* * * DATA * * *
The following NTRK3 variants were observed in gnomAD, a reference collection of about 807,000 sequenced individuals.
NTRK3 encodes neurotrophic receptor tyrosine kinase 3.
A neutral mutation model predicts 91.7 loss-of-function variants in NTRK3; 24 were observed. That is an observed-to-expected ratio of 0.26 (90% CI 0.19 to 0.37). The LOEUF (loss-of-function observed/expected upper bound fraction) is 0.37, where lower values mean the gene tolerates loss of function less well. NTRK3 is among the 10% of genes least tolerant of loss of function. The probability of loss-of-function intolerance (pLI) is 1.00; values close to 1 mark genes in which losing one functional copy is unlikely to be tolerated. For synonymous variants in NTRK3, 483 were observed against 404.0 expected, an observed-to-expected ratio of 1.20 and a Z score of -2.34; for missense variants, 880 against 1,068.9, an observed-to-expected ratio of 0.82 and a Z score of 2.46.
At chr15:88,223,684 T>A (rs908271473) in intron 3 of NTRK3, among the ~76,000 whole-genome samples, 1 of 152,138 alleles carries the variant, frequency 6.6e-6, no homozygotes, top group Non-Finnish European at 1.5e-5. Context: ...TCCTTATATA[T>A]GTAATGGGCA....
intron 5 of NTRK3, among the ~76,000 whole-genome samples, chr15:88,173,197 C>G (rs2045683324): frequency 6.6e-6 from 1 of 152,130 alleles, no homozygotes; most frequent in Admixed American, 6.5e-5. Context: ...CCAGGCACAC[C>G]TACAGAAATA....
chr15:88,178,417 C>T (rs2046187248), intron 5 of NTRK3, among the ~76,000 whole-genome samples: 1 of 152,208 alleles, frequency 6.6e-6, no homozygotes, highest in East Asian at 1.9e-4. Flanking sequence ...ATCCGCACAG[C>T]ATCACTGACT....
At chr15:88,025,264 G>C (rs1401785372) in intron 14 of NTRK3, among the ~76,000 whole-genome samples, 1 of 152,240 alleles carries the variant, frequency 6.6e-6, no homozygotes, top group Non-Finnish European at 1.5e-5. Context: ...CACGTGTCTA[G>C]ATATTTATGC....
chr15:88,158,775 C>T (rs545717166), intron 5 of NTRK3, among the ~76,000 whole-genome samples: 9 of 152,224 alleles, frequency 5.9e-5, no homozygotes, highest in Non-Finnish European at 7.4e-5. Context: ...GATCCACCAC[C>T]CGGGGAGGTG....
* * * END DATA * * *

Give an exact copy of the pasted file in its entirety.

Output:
The following NTRK3 variants were observed in gnomAD, a reference collection of about 807,000 sequenced individuals.
NTRK3 encodes neurotrophic receptor tyrosine kinase 3.
A neutral mutation model predicts 91.7 loss-of-function variants in NTRK3; 24 were observed. That is an observed-to-expected ratio of 0.26 (90% CI 0.19 to 0.37). The LOEUF (loss-of-function observed/expected upper bound fraction) is 0.37, where lower values mean the gene tolerates loss of function less well. NTRK3 is among the 10% of genes least tolerant of loss of function. The probability of loss-of-function intolerance (pLI) is 1.00; values close to 1 mark genes in which losing one functional copy is unlikely to be tolerated. For synonymous variants in NTRK3, 483 were observed against 404.0 expected, an observed-to-expected ratio of 1.20 and a Z score of -2.34; for missense variants, 880 against 1,068.9, an observed-to-expected ratio of 0.82 and a Z score of 2.46.
At chr15:88,223,684 T>A (rs908271473) in intron 3 of NTRK3, among the ~76,000 whole-genome samples, 1 of 152,138 alleles carries the variant, frequency 6.6e-6, no homozygotes, top group Non-Finnish European at 1.5e-5. Context: ...TCCTTATATA[T>A]GTAATGGGCA....
intron 5 of NTRK3, among the ~76,000 whole-genome samples, chr15:88,173,197 C>G (rs2045683324): frequency 6.6e-6 from 1 of 152,130 alleles, no homozygotes; most frequent in Admixed American, 6.5e-5. Context: ...CCAGGCACAC[C>G]TACAGAAATA....
chr15:88,178,417 C>T (rs2046187248), intron 5 of NTRK3, among the ~76,000 whole-genome samples: 1 of 152,208 alleles, frequency 6.6e-6, no homozygotes, highest in East Asian at 1.9e-4. Flanking sequence ...ATCCGCACAG[C>T]ATCACTGACT....
At chr15:88,025,264 G>C (rs1401785372) in intron 14 of NTRK3, among the ~76,000 whole-genome samples, 1 of 152,240 alleles carries the variant, frequency 6.6e-6, no homozygotes, top group Non-Finnish European at 1.5e-5. Context: ...CACGTGTCTA[G>C]ATATTTATGC....
chr15:88,158,775 C>T (rs545717166), intron 5 of NTRK3, among the ~76,000 whole-genome samples: 9 of 152,224 alleles, frequency 5.9e-5, no homozygotes, highest in Non-Finnish European at 7.4e-5. Context: ...GATCCACCAC[C>T]CGGGGAGGTG....